It may seem counterintuitive, but there is actually quite a bit of freedom in structure. Think about our rock star friends. They may be the wildest, most unique individuals on the planet, however, they adhere to their own type of structure. They practice their craft, market their “product,” and follow the schedule that’s been set in front of them. At least they do if they want to succeed. Millennials understand the need for structure and actually crave it.

Providing Structure in the Workplace

An office filled with employees running amuck is bound to fail. However, if you learn how to create healthy, positive parameters within which your employees can work, you will be rewarded with productivity, creativity, and loyalty. Here are a few ways you can create structure in the office.

Clearly Communicate Roles

When you hire employees, do you make it perfectly clear what their responsibilities will be? Or, like many companies, do you hand them a 3 line job description and send them on their merry way? If an employee doesn’t know what they are supposed to do, they will be anxious, resentful, and will always fall short of your expectations.

It’s better to help your millennial workers understand what their position entails (a clearly defined role), what is expected of them (goals), and how and when they will be reviewed (receive feedback). This gives them the opportunity to meet and exceed your expectations and thrive in their work environment. This can be done at hiring or at any time during their employment. These roles and responsibilities should be discussed and then committed to paper (or computer) so that they can be referenced by both parties at any time. An employee manual should be included to discuss company-wide expectations.

Create Standard Operating Procedures

S.O.P.s not only give your employees freedom to make decisions within their daily activities, they actually free up your time as well. These procedures can be incredibly detailed, providing what-to-do instructions for every situation they are likely to encounter, or it can be an overall culture that permeates every decision such as “the customer is always right.” If your employees know that the customer is always right, they can act accordingly and without interrupting you for every little situation that presents itself.

Determine the Disciplinary Policy

Marvelless Mark® reminds his clients that not every employee will be perfect all the time. No matter how dedicated, talented, or intelligent they may be, mistakes are human and inevitable.

“Make mistakes, make mistakes, make mistakes. Just make sure they’re your mistakes.” Fiona Apple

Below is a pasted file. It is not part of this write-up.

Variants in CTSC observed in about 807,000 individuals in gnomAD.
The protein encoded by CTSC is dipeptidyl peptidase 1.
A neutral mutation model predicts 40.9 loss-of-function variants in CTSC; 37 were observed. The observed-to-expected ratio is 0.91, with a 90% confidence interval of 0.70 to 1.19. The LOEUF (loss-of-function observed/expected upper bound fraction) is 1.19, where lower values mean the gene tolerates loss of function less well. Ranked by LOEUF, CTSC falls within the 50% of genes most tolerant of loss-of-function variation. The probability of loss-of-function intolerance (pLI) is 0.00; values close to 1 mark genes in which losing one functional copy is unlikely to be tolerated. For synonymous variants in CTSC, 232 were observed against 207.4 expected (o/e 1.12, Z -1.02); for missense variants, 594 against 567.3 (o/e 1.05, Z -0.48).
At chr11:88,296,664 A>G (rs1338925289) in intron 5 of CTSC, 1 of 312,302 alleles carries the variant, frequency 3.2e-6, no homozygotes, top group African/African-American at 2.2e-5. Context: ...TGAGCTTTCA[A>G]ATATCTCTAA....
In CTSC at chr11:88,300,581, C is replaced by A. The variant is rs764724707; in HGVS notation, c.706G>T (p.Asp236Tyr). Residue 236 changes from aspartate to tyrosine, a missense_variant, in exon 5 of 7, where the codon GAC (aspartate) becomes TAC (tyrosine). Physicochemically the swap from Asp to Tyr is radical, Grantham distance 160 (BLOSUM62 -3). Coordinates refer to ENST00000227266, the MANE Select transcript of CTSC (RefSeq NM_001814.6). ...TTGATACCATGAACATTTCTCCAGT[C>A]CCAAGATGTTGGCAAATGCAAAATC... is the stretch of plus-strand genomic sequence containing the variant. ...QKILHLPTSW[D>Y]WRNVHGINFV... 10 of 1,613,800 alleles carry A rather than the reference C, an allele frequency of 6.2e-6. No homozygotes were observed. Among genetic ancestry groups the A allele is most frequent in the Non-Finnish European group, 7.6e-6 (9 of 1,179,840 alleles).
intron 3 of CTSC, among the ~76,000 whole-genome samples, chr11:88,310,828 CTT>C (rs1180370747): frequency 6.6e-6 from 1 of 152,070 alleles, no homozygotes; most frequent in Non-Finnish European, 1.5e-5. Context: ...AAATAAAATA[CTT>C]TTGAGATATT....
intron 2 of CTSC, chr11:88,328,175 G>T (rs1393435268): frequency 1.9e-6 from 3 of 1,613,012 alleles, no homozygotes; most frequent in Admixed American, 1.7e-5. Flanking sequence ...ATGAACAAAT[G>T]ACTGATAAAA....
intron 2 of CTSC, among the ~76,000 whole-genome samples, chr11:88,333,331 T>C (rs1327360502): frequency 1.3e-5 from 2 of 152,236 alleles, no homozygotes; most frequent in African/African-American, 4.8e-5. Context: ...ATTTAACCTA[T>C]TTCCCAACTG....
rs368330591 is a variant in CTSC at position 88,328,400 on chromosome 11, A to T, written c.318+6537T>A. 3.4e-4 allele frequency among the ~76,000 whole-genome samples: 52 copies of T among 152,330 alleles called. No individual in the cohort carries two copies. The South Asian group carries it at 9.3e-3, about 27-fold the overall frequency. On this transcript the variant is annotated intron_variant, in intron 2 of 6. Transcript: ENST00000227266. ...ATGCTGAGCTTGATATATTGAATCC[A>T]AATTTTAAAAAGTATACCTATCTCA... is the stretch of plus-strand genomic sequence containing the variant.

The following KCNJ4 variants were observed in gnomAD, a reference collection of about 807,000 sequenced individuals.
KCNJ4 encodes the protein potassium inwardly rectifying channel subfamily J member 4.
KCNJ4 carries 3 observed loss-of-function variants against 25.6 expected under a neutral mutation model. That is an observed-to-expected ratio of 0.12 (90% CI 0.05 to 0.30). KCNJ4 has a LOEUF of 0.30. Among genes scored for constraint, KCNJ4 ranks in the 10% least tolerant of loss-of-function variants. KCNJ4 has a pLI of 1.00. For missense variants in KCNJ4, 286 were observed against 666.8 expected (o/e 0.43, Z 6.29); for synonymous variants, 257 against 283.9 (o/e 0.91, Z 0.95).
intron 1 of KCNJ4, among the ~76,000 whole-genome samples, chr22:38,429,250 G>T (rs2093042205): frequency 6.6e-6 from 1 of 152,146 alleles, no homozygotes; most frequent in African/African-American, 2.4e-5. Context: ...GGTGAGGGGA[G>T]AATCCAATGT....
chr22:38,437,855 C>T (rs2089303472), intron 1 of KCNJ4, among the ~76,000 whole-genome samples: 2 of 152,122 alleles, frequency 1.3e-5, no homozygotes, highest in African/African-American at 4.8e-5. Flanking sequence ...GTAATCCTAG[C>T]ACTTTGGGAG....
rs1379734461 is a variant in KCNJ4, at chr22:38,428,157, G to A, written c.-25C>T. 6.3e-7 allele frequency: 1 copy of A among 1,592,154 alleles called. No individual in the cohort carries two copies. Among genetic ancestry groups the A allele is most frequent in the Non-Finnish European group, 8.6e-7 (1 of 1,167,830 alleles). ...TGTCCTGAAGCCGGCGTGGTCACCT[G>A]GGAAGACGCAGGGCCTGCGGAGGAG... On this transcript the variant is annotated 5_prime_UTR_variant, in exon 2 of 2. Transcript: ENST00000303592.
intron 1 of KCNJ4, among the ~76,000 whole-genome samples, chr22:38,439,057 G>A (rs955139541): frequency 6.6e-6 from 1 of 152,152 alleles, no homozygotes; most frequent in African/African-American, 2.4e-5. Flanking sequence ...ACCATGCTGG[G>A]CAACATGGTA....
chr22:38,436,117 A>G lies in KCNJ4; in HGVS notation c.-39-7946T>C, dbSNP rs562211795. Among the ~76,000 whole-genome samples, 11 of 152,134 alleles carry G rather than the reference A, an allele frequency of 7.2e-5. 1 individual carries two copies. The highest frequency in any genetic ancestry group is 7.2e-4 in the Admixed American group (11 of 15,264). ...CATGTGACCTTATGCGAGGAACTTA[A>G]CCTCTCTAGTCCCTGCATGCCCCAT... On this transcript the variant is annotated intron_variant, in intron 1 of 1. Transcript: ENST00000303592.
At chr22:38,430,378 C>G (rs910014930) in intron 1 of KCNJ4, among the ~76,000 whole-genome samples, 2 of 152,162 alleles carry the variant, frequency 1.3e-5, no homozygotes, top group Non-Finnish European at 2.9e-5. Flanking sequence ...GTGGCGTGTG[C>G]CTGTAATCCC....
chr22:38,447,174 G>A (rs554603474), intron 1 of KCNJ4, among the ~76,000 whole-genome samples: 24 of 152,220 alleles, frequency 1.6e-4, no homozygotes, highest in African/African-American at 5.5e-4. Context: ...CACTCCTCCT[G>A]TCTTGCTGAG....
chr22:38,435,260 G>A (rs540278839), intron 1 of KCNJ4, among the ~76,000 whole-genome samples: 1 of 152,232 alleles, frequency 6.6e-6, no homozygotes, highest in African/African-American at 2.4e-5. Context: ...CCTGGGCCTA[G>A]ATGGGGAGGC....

What will you do when they happen? The most important part of a disciplinary procedure is communicating expectations. If your employees don’t know what they should and shouldn’t do, you can’t punish them for missteps. This is where the role responsibilities and employee manual comes into play.

Once you’ve communicated what they should and shouldn’t do, you must let them know what will happen if they don’t meet the expectations or follow the guidelines. Will there be a warning before action is taken? Will they be put on probation? Are there grounds for immediate dismissal? Whatever you decide is fine, under one condition. Whatever you decide must apply to every employee in the business. If different employees are held to different standards or one is punished for something whereas another employee’s behavior was overlooked, you open yourself up to angry employees and potential lawsuits.

Creating structure in the workplace is essential to motivate millennial workers. Thankfully, it’s also fairly simple. When you clearly define roles, create standard operating procedures, and determine the disciplinary policy early, your employees will have an environment in which to thrive and create rock star results.

Mark Kamp® aka Marvelless Mark® works with organizations who want their teams to achieve immediate rock star results. A Keynote Speaker/Entertainer/Author, Husband, Father, and child of God, his primary message, “Opportunity Rocks®” gives attendees a fresh new perspective on Sales, Marketing, and Employee Performance. Fun and engaging, Mark combines the success secrets of your favorite rock stars with just the right amount of entertainment to transform your employees into business rockstars. Learn more at www.OpportunityRocks.net.